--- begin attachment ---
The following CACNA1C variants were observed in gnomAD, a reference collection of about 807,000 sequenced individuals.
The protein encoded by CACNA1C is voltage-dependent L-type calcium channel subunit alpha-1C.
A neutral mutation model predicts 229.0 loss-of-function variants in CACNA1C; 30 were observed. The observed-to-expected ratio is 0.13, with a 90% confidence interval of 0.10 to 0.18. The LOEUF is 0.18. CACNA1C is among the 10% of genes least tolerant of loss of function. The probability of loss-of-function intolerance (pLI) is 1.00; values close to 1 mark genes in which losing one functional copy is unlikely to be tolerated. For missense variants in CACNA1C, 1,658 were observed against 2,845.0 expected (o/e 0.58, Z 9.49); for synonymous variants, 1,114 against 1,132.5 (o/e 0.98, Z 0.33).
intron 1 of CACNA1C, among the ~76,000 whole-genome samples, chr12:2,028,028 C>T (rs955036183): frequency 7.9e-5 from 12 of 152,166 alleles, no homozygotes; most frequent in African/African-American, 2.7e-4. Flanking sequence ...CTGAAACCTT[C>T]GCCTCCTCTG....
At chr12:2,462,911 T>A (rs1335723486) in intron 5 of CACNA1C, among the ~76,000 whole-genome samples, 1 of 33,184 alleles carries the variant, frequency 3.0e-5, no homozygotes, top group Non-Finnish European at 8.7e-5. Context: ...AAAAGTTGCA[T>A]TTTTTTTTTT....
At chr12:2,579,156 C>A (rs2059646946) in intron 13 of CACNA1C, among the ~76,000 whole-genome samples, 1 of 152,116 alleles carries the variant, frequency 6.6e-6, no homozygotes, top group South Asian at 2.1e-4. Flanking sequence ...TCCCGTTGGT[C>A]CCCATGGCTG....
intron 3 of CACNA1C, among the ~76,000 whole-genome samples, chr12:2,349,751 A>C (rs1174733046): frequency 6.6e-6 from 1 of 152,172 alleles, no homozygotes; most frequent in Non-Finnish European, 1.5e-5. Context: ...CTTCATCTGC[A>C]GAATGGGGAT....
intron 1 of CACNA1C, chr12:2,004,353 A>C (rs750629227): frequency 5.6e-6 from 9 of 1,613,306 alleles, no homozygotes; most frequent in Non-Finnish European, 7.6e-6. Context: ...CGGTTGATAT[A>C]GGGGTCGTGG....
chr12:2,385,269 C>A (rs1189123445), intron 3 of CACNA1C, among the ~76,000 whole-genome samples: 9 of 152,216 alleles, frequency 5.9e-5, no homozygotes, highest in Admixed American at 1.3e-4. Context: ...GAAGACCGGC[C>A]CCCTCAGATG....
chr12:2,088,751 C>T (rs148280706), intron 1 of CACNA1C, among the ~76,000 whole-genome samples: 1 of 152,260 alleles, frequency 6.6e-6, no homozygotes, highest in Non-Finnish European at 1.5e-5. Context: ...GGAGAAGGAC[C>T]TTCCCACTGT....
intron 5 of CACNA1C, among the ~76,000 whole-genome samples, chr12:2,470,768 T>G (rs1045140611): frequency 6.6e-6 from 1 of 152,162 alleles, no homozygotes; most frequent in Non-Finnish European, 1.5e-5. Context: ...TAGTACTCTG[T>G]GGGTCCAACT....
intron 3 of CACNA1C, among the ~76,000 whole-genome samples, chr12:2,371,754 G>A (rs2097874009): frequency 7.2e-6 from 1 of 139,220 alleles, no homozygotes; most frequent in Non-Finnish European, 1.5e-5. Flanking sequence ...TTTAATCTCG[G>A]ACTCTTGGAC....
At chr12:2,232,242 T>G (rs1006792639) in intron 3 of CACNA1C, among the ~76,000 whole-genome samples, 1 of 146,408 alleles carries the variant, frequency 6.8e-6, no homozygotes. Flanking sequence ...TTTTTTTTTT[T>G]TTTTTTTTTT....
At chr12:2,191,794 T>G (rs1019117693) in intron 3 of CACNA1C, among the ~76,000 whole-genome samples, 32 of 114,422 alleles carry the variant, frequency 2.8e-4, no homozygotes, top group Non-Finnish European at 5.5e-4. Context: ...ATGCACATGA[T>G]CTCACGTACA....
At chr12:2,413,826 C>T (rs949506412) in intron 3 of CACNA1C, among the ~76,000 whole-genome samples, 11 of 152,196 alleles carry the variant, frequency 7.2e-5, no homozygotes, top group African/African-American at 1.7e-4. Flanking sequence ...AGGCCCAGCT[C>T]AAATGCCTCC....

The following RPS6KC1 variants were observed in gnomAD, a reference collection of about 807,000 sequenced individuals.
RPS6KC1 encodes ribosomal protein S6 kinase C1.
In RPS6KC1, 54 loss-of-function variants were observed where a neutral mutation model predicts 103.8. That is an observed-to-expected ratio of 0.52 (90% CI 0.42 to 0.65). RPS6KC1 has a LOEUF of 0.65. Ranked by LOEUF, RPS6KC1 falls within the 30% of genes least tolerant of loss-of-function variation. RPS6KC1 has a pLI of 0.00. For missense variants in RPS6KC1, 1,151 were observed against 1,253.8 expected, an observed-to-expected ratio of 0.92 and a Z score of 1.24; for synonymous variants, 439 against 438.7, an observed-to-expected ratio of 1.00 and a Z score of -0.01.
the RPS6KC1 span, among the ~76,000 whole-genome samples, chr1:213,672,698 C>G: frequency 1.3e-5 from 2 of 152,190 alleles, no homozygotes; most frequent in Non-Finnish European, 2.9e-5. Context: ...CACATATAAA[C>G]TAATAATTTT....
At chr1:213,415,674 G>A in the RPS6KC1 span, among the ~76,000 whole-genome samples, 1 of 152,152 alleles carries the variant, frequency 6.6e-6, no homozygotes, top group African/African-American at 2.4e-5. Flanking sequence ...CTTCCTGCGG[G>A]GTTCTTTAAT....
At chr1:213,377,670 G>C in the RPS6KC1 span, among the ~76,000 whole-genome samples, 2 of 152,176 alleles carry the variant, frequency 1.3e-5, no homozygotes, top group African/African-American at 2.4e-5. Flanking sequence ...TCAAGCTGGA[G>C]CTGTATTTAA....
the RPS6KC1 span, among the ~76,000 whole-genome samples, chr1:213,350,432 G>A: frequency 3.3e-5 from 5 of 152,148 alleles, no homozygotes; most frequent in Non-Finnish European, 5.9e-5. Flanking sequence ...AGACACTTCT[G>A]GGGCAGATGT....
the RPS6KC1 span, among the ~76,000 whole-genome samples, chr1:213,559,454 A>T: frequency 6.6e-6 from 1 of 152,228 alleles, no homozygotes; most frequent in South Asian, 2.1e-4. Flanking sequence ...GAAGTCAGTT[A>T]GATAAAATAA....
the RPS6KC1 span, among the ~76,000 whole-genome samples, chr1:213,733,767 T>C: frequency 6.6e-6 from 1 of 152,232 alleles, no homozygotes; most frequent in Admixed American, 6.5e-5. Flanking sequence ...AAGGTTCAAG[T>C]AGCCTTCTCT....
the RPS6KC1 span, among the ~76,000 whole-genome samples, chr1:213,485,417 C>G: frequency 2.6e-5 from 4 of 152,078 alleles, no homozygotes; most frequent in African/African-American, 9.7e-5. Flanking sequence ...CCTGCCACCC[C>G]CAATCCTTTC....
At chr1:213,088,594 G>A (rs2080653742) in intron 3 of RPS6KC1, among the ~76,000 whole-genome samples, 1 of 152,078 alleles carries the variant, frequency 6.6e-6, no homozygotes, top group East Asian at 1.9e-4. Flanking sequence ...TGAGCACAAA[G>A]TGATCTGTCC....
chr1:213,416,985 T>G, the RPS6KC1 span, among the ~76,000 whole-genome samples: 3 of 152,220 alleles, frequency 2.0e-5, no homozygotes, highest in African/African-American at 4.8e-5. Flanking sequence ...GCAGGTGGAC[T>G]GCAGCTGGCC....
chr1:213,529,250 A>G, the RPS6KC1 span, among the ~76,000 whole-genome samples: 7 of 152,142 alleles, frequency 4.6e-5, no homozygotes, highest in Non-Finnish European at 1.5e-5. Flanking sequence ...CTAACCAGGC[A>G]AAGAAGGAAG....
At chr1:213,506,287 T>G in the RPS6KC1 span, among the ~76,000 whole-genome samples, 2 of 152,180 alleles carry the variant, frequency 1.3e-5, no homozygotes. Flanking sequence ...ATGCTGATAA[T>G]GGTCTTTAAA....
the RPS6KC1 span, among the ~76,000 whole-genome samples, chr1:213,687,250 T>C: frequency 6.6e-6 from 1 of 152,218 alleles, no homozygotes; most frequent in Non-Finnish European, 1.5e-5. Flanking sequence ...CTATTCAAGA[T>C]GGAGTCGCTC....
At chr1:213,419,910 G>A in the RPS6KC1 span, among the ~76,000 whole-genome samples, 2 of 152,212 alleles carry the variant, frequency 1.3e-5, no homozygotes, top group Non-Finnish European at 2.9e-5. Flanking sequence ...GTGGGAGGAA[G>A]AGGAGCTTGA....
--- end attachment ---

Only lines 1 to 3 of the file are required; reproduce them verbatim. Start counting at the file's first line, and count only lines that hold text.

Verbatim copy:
The following CACNA1C variants were observed in gnomAD, a reference collection of about 807,000 sequenced individuals.
The protein encoded by CACNA1C is voltage-dependent L-type calcium channel subunit alpha-1C.
A neutral mutation model predicts 229.0 loss-of-function variants in CACNA1C; 30 were observed. The observed-to-expected ratio is 0.13, with a 90% confidence interval of 0.10 to 0.18. The LOEUF is 0.18. CACNA1C is among the 10% of genes least tolerant of loss of function. The probability of loss-of-function intolerance (pLI) is 1.00; values close to 1 mark genes in which losing one functional copy is unlikely to be tolerated. For missense variants in CACNA1C, 1,658 were observed against 2,845.0 expected (o/e 0.58, Z 9.49); for synonymous variants, 1,114 against 1,132.5 (o/e 0.98, Z 0.33).